My mother puts the lid on the teapot and looks at me.
I am a trembling mess from hip to knee. There is a terrible heat, a looseness in my innards that makes me want to dig my fists between my thighs. It is a confusing feeling - somewhere between diarrhoea and sex - this grief that is almost genital.
It must have been over some boyfriend, the last time I cried here. Ordinary, family tears meant nothing in this kitchen; they were just part of the general noise. The only thing that mattered was, He rang or, He didn't ring. Some catastrophe. The kind of thing that would have you scrabbling at the walls after five bottles of cider. He left me. Doubling over, clutching your midriff; howling and gagging. He didn't even call to get his scarf back. The boy with the turquoise eyes.
Because we are also - at a guess - great lovers, the Hegartys. All eye-to-eye and sudden fucking and never, ever, letting go. Apart from the ones who couldn't love at all. Which is most of us, too, in a way.
Which is most of us.
'It's about Liam,' I say.
'Liam?' she says. 'Liam?'
My mother had twelve children and - as she told me one hard day - seven miscarriages. The holes in her head are not her fault. Even so, I have never forgiven her any of it. I just can't.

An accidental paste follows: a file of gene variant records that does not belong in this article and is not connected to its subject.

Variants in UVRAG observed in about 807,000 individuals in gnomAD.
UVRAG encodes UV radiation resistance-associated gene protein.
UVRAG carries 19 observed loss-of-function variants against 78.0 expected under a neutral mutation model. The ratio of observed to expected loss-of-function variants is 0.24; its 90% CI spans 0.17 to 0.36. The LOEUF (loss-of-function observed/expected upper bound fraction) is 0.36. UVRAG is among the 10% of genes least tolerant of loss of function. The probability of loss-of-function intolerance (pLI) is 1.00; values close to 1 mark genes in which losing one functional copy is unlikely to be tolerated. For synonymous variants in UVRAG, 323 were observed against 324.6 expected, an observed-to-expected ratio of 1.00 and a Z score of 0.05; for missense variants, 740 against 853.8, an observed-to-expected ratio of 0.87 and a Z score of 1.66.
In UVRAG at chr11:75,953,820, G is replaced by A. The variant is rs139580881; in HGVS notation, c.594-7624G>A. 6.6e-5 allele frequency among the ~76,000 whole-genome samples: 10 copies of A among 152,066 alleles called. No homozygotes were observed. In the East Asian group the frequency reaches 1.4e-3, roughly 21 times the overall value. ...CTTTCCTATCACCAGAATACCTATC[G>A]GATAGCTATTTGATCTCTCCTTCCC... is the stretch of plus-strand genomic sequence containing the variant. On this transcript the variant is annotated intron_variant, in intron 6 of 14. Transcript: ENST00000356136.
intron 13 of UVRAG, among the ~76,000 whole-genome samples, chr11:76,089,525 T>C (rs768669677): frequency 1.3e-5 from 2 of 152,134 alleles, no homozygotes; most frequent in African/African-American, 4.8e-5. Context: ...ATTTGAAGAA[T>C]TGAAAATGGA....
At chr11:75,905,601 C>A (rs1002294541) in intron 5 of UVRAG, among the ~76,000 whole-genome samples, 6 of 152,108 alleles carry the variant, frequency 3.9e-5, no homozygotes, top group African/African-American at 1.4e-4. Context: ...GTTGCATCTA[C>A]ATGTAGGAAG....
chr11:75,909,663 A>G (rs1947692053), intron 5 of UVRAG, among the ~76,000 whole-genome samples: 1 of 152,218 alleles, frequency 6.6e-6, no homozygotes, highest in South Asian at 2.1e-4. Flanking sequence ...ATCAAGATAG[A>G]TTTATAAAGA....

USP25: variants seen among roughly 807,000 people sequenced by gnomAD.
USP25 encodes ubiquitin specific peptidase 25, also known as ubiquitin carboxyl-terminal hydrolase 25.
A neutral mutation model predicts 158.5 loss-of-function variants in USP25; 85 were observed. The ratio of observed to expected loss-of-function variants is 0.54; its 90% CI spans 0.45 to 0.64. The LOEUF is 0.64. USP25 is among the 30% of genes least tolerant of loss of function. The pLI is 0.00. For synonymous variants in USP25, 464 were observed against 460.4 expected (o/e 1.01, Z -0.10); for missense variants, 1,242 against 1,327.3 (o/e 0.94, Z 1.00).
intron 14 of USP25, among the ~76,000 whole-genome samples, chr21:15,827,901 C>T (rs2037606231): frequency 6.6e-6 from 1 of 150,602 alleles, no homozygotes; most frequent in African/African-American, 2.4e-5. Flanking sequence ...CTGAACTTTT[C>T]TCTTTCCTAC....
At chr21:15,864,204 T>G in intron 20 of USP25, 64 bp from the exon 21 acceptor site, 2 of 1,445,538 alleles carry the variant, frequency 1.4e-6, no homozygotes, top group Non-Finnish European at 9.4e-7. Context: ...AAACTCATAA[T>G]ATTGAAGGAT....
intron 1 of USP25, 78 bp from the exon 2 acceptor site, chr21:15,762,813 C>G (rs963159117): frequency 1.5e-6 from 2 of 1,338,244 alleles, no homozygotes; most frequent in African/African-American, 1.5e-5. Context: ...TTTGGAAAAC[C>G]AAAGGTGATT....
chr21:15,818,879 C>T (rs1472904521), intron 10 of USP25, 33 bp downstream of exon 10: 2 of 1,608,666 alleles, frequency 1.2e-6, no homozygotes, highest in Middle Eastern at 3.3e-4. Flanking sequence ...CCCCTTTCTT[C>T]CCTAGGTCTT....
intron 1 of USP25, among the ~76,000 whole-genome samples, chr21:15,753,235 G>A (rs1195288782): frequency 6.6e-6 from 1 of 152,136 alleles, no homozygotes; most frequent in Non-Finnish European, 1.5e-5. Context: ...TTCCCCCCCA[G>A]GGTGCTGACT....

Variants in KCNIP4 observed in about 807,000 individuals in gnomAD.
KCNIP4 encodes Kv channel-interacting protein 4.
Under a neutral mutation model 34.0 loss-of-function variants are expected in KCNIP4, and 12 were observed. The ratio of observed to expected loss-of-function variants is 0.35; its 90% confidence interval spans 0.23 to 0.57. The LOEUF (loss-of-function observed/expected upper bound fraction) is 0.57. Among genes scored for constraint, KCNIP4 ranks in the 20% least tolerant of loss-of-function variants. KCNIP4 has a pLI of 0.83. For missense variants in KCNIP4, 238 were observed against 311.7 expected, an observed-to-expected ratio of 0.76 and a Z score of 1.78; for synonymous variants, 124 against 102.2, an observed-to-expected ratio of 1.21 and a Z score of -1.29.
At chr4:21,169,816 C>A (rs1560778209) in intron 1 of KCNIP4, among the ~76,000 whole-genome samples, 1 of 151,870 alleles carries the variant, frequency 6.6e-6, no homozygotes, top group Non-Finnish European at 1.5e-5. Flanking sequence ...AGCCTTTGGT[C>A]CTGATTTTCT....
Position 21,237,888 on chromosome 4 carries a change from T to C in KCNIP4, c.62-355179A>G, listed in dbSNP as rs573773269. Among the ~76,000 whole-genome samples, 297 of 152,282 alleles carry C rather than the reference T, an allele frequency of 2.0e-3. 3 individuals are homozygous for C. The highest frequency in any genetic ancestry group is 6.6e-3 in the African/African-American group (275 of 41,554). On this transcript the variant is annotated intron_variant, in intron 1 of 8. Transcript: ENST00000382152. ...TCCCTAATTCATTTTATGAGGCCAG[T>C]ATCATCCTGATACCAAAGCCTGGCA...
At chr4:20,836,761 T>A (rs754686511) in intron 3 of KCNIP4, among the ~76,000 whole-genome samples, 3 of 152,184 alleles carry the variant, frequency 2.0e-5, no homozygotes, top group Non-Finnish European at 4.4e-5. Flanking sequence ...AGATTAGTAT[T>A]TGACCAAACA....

I have not forgiven her for my sister Margaret who we called Midge, until she died, aged forty-two, from pancreatic cancer. I do not forgive her my beautiful, drifting sister Bea. I do not forgive her my first brother Ernest, who was a priest in Peru, until he became a lapsed priest in Peru. I do not forgive her my brother Stevie, who is a little angel in heaven. I do not forgive her the whole tedious litany of Midge, Bea, Ernest, Stevie, Ita, Mossie, Liam, Veronica, Kitty, Alice and the twins, Ivor and Jem.
Such epic names she gave us - none of your Jimmy, Joe or Mick. The miscarriages might have got numbers, like 'i962' or 'i964', though perhaps she named them too, in her heart (Serena, Aifric, Mogue). I don't forgive her those dead children either. The way she didn't even keep a notebook, so you could tell who had what, when, and which jabs. Am I the only woman in Ireland still at risk from polio myelitis? No one knows. I don't forgive the endless hand-me-downs, and few toys, and Midge walloping us because my mother was too gentle, or busy, or absent, or pregnant to bother.
My sweetheart mother. My ageless girl.
No, when it comes down to it, I do not forgive her the sex. The stupidity of so much humping. Open and blind. Consequences, Mammy. Consequences.
'Liam,' I say, quite forcefully. And the riot in the kitchen quiets down as I do my duty, which is to tell one human being about another human being, the few and careful details of how they met their end.
'I am afraid he is dead, Mammy.'